Review: Made entirely out of high quality 1000D heavy-duty nylon fabric, this fishing sling pack is covered with waterproof coating, while the high-density ribbon helps provide added resistance to tears and abrasion.
Making use of a KAM buckle and SBS zippers, the bag has multiple storage compartments as well as exterior pockets.
The back of the item is lined with breathable mesh, while the shoulder pads have been lengthened and widened in order to relieve fatigue or shoulder pain, confirming this product as one of the best fly fishing backpacks available today, as well as probably the best waterproof fly fishing backpack around.
- 3 external zippered pockets are included.
- There’s a space for a water bottle.
- Not quite as waterproof as the company claims.
- The cords can get tangled.
FanBellFly Fishing Chest Pack
Review: Featuring an adjustable padded neck strap and waist belt which allows for a perfect fit across all body types, this product allows you to keep all your frequently used gear within easy reach.
The zippered main pocket includes a mesh compartment inside to hold fly boxes and smaller accessories, while there’s a zip down fly bench that makes use of replaceable foam located in the front pocket for straightforward access.
There is an assortment of loops and tabs on the outside of the bag for attaching even more accessories.
- Very roomy.
- This is a lightweight bag.
- The zippers are cheaply made and won’t last.
- The body strap has a tendency to unravel.
Blisswill Outdoor Tackle Bag
Review: A multifunctional item that comes with three adjustable and detachable straps, this bag can be worn as a backpack, a shoulder bag, or a handbag.
The 1000D nylon material used in the construction ensures a long-lasting, lightweight outer frame, while the multiple storage compartments and exterior pockets make it easy to keep your lures, pliers, pole, fishing boxes, wallet, keys, and any other assorted accessories organized and tidy. There’s a fixing strap included to fix your fishing rod to the outside of the pack.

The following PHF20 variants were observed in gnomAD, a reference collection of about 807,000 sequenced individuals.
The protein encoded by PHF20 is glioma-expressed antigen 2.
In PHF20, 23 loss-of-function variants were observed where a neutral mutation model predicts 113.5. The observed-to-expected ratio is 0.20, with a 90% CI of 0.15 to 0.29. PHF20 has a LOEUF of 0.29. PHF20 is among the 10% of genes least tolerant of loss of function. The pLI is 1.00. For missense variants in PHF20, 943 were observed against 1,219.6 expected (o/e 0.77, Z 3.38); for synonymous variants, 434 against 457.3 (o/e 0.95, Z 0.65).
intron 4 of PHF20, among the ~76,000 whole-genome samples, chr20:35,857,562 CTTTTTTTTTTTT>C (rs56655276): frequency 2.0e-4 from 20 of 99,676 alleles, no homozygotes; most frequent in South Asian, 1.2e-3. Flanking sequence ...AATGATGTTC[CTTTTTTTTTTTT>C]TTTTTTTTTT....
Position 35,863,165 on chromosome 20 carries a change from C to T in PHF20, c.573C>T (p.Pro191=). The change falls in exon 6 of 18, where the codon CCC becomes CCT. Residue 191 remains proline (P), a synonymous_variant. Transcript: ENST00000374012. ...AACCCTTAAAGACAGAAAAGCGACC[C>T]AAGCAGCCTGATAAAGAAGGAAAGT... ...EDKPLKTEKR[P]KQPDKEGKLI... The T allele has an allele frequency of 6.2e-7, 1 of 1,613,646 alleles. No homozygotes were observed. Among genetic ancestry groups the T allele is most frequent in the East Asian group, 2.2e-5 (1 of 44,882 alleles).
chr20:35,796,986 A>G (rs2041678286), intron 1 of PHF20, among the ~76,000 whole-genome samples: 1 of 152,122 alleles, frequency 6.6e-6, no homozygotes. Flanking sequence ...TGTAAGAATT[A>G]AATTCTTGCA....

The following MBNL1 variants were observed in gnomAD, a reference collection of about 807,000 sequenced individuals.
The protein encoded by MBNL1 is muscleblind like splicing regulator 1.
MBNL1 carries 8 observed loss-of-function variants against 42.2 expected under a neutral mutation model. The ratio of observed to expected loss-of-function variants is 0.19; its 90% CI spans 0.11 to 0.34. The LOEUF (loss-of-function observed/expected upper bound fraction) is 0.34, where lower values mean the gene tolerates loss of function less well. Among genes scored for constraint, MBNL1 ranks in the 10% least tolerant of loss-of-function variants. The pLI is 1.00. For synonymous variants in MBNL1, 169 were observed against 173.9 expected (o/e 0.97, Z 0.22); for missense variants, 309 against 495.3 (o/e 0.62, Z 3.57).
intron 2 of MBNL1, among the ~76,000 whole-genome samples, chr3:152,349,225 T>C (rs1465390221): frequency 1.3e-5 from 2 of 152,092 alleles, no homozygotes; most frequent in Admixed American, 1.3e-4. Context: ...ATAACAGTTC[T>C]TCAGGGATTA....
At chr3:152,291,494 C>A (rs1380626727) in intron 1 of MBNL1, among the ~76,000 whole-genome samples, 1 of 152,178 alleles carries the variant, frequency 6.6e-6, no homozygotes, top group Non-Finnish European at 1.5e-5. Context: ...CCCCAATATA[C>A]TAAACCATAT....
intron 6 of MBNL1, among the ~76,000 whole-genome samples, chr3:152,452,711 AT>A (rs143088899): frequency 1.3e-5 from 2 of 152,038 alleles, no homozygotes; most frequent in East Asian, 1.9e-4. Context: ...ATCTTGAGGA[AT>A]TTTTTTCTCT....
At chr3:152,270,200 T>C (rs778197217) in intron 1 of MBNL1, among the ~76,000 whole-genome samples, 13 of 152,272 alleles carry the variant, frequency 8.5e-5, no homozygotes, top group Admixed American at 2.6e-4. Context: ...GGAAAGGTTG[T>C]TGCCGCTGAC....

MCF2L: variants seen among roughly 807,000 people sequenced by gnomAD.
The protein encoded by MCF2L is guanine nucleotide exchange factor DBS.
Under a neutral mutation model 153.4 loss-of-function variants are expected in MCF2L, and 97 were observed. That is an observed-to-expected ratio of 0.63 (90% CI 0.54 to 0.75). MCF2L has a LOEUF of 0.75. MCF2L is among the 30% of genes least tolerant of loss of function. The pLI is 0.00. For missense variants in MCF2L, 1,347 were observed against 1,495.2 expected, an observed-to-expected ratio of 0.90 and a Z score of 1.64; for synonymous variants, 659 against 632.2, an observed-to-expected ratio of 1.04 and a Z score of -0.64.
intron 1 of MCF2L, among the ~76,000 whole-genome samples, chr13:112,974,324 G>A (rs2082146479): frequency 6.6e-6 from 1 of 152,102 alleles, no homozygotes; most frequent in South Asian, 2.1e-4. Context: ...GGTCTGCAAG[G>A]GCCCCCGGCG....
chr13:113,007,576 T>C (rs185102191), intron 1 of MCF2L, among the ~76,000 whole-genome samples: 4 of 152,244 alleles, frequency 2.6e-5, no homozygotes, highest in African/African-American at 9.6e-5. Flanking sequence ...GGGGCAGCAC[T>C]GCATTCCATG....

- There’s a storage pocket at the bottom.
- This is a cheap product compared to the competition.
- Not nearly as big as it should be.
Simms Freestone Ambidextrous Fishing Sling Pack
Review: Optimized for fishing, this item has an adjustable front panel that comes with dedicated tippet and floating storage, as well as a magnetic docking station for tools.
Compression straps keep the fishing rod itself sturdy and well-attached, while the ergonomic fit allows for the rotation of the bag around to your chest in order to easily access all of the accessories.
As an ambidextrous product, it allows the wearer to carry their equipment on either shoulder, which is a level of versatility not often found in fishing sling packs.
- The warranty offer is generous.
- There’s a ton of room.
- The bag isn’t waterproof.
Kingfisher Teton Lightweight Fly Fishing Sling Pack
Review: Strategically placed pockets and attachment points make it possible to carry a day’s worth of gear conveniently and comfortably.
An EVA foam work station that is pocket-zippered comes along with an interior zippered pocket to hold smaller items like keys and money, while the two velcro pockets make it possible to contain a removable ripple foam fly patch.
There’s a water bottle sleeve included, as well as loops that allow easy access to the most used tools from the outside of the product.
- It dries quickly.
- It’s not the cheapest product on the market.
Kylebooker Fishing Tackle Bag Sports Shoulder Bag
Review: Making use of high-quality zipper fasteners and a metal hook which is convenient for a water bottle or other accessories to make use of, this product from Kylebooker features an adjustable buckle and padded ergonomic shoulder strap to make sizing easy.
There are multiple pockets and compartments included, and given that the bag itself is compact, it’s never too heavy, no matter how much gear you have packed into it.
- High-quality materials have gone into the design.
- The bag has a unique, visually appealing aesthetic.
- If you’re on the shorter side, you may find it difficult to make this bag sit properly on your waist.
SpiderWire Sling Fishing Backpack
Review: Made out of lightweight polyester material, this bag comes with a medium tackle box and can hold up to two in total. There’s a spacious main compartment to balance out the two zippered pockets for additional storage, as well as a front organizer pocket and a special place for storing sunglasses.
The padded sling strap is adjustable to either the left or the right-hand side, while the front tool holder is closed with Velcro for ease of access.
- Compact and intuitive to use.
- Backed by a lifetime warranty.
- The shoulder strap is a little too big.
- The pockets are in the wrong location for swinging it around to your front.